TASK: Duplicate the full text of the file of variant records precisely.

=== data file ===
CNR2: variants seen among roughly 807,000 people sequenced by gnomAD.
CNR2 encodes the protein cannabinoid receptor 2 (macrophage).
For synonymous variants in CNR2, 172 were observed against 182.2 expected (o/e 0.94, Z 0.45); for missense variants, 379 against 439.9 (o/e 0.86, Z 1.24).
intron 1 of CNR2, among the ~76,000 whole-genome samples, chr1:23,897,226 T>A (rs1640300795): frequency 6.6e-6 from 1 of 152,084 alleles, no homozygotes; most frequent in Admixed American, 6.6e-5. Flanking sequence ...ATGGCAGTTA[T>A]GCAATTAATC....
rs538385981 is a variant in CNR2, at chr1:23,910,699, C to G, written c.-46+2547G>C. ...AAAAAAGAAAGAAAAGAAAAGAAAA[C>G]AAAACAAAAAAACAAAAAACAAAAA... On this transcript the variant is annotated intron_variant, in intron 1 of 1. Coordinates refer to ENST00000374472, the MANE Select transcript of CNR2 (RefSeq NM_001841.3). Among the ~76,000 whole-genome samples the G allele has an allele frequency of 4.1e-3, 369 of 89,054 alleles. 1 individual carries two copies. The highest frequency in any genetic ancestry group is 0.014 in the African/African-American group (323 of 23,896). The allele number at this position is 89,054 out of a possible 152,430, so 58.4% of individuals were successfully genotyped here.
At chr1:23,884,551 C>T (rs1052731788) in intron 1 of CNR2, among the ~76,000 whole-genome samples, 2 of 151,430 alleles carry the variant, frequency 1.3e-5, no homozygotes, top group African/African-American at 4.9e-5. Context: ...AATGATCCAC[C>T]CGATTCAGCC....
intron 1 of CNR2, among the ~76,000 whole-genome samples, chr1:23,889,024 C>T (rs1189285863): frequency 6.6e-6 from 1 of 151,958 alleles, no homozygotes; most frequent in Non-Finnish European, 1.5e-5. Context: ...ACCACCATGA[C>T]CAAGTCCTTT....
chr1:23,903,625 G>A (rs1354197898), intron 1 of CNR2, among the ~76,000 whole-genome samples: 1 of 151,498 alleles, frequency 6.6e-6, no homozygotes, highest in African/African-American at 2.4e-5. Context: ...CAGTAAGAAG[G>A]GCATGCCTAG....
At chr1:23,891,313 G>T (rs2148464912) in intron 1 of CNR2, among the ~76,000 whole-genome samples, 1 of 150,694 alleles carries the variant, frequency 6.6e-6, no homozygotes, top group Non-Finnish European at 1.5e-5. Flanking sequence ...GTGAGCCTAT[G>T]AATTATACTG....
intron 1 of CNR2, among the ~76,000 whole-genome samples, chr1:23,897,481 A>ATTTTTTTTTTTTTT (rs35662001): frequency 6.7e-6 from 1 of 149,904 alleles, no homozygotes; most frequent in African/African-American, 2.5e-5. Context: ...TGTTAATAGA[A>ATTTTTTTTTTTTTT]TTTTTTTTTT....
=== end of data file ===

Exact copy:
CNR2: variants seen among roughly 807,000 people sequenced by gnomAD.
CNR2 encodes the protein cannabinoid receptor 2 (macrophage).
For synonymous variants in CNR2, 172 were observed against 182.2 expected (o/e 0.94, Z 0.45); for missense variants, 379 against 439.9 (o/e 0.86, Z 1.24).
intron 1 of CNR2, among the ~76,000 whole-genome samples, chr1:23,897,226 T>A (rs1640300795): frequency 6.6e-6 from 1 of 152,084 alleles, no homozygotes; most frequent in Admixed American, 6.6e-5. Flanking sequence ...ATGGCAGTTA[T>A]GCAATTAATC....
rs538385981 is a variant in CNR2, at chr1:23,910,699, C to G, written c.-46+2547G>C. ...AAAAAAGAAAGAAAAGAAAAGAAAA[C>G]AAAACAAAAAAACAAAAAACAAAAA... On this transcript the variant is annotated intron_variant, in intron 1 of 1. Coordinates refer to ENST00000374472, the MANE Select transcript of CNR2 (RefSeq NM_001841.3). Among the ~76,000 whole-genome samples the G allele has an allele frequency of 4.1e-3, 369 of 89,054 alleles. 1 individual carries two copies. The highest frequency in any genetic ancestry group is 0.014 in the African/African-American group (323 of 23,896). The allele number at this position is 89,054 out of a possible 152,430, so 58.4% of individuals were successfully genotyped here.
At chr1:23,884,551 C>T (rs1052731788) in intron 1 of CNR2, among the ~76,000 whole-genome samples, 2 of 151,430 alleles carry the variant, frequency 1.3e-5, no homozygotes, top group African/African-American at 4.9e-5. Context: ...AATGATCCAC[C>T]CGATTCAGCC....
intron 1 of CNR2, among the ~76,000 whole-genome samples, chr1:23,889,024 C>T (rs1189285863): frequency 6.6e-6 from 1 of 151,958 alleles, no homozygotes; most frequent in Non-Finnish European, 1.5e-5. Context: ...ACCACCATGA[C>T]CAAGTCCTTT....
chr1:23,903,625 G>A (rs1354197898), intron 1 of CNR2, among the ~76,000 whole-genome samples: 1 of 151,498 alleles, frequency 6.6e-6, no homozygotes, highest in African/African-American at 2.4e-5. Context: ...CAGTAAGAAG[G>A]GCATGCCTAG....
At chr1:23,891,313 G>T (rs2148464912) in intron 1 of CNR2, among the ~76,000 whole-genome samples, 1 of 150,694 alleles carries the variant, frequency 6.6e-6, no homozygotes, top group Non-Finnish European at 1.5e-5. Flanking sequence ...GTGAGCCTAT[G>T]AATTATACTG....
intron 1 of CNR2, among the ~76,000 whole-genome samples, chr1:23,897,481 A>ATTTTTTTTTTTTTT (rs35662001): frequency 6.7e-6 from 1 of 149,904 alleles, no homozygotes; most frequent in African/African-American, 2.5e-5. Context: ...TGTTAATAGA[A>ATTTTTTTTTTTTTT]TTTTTTTTTT....